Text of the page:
Reproductive Medicine, Chronobiology
and Human Ethology, ISSN 0172780X
Vol.24 Nos.3/4, Jun-Aug 2003
The effects of music and visual stress on testosterone and cortisol
in men and women
articles: M. Hassler "Music
medicine. A neurobiological approach"
The effects of music and visual stress on testosterone and
cortisol in men and women
Hajime Fukui & Masako Yamashita
University of Education, Nara University of Education, Department
of Education, Takabatake, Nara City, Nara, JAPAN.
March 25, 2003
Accepted: April 29, 2003
testosterone, cortisol, listening to music, visual stress,
differences between the sexes
The aims of the present study were to examine sex-related
differences in testosterone (T) and cortisol (C) changes with
music listening and visual stress.
AND DESIGN: Saliva T and C concentrations were measured
in 88 healthy college students (44 males and 44 females).
These subjects were placed in one of 4 different conditions:
(1) 30 min of listening to music, (2) 30 min of listening
to music with visual stress (documentary film without sound
including violent scenes), (3) 30 min of visual stress without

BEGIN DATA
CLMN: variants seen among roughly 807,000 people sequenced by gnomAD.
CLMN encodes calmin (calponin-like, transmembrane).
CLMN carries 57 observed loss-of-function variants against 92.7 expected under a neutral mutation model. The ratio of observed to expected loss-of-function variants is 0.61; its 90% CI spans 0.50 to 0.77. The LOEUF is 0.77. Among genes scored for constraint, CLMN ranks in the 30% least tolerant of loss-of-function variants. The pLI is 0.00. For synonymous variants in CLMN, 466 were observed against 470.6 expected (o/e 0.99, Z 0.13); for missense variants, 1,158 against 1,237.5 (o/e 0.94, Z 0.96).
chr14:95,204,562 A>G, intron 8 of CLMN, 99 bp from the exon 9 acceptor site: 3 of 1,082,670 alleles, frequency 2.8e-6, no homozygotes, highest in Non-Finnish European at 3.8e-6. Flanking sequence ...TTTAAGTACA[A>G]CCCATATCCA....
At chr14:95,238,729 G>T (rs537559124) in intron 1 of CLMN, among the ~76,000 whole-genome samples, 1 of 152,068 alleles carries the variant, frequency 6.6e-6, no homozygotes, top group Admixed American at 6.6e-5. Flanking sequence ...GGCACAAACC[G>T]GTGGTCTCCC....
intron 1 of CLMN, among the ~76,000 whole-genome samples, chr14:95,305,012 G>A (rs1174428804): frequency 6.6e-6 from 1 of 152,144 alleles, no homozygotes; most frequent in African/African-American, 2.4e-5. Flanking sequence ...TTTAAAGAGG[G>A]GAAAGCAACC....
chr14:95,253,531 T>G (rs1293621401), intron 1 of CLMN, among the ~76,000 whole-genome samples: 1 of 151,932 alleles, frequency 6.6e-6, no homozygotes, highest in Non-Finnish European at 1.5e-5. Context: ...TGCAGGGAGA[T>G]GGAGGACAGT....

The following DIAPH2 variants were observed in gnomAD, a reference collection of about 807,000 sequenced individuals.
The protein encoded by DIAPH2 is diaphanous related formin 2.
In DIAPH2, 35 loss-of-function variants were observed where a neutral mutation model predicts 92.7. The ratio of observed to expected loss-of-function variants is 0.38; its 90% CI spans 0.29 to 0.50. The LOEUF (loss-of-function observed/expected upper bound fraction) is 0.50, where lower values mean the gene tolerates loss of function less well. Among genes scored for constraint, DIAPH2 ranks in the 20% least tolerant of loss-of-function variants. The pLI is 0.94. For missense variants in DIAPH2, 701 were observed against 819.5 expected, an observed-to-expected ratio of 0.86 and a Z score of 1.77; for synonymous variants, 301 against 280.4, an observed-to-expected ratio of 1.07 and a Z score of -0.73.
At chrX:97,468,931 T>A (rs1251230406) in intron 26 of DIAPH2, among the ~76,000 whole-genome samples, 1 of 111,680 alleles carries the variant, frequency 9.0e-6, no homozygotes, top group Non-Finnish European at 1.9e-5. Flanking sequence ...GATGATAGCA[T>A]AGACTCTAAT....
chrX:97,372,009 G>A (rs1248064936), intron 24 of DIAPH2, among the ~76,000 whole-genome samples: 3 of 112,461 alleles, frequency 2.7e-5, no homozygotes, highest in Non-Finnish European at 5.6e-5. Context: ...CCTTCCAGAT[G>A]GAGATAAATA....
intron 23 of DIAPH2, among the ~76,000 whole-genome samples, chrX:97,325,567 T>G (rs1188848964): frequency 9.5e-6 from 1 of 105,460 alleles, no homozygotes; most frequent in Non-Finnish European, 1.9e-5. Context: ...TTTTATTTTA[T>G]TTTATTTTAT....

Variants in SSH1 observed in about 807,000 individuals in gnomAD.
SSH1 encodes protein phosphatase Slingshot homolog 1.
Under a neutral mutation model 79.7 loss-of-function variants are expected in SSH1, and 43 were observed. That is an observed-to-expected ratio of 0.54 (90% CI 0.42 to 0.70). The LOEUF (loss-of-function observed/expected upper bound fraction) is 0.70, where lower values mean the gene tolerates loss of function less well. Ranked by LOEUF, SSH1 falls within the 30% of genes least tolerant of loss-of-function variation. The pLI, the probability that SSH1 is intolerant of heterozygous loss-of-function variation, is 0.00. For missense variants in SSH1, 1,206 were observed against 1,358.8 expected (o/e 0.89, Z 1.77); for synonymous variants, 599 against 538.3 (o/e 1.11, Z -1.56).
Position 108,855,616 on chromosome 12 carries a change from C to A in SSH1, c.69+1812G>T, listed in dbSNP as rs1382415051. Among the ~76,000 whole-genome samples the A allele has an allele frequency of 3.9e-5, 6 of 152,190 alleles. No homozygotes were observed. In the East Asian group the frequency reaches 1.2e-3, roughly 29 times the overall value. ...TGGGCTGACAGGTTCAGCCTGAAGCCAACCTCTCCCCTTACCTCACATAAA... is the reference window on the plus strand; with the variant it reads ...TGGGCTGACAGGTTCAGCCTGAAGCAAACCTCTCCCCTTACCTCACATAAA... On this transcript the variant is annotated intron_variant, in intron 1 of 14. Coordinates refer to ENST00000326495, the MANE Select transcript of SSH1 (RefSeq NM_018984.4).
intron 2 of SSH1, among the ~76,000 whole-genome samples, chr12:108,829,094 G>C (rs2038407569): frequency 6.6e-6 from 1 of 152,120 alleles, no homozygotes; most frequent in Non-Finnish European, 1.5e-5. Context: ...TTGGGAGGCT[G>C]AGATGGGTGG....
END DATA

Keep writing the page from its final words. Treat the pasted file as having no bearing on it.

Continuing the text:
music, and (4) 30 min of silence.
All subjects provided two saliva samples, one collected before
intervention and the other after intervention. T and C levels
were assessed by radio immuno assay (RIA).
RESULTS: There was a significant difference between the sexes
in the way music affected T. Music decreased T in males, whereas
it increased T in females. As for C, no sex-related differences
were found under any of the conditions studied. C decreased
with music and increased under other conditions.
MAIN FINDINGS: Our data suggests that the effects of music
and stress on T differ between males and females.
Further investigation is necessary to evaluate the relationships
between music and other substances, the effect of degree of
hormonal changes not only during music listening but also
during music plays and creation.
Copyright © Neuroendocrinology Letters 2003
Society of Integrated Sciences
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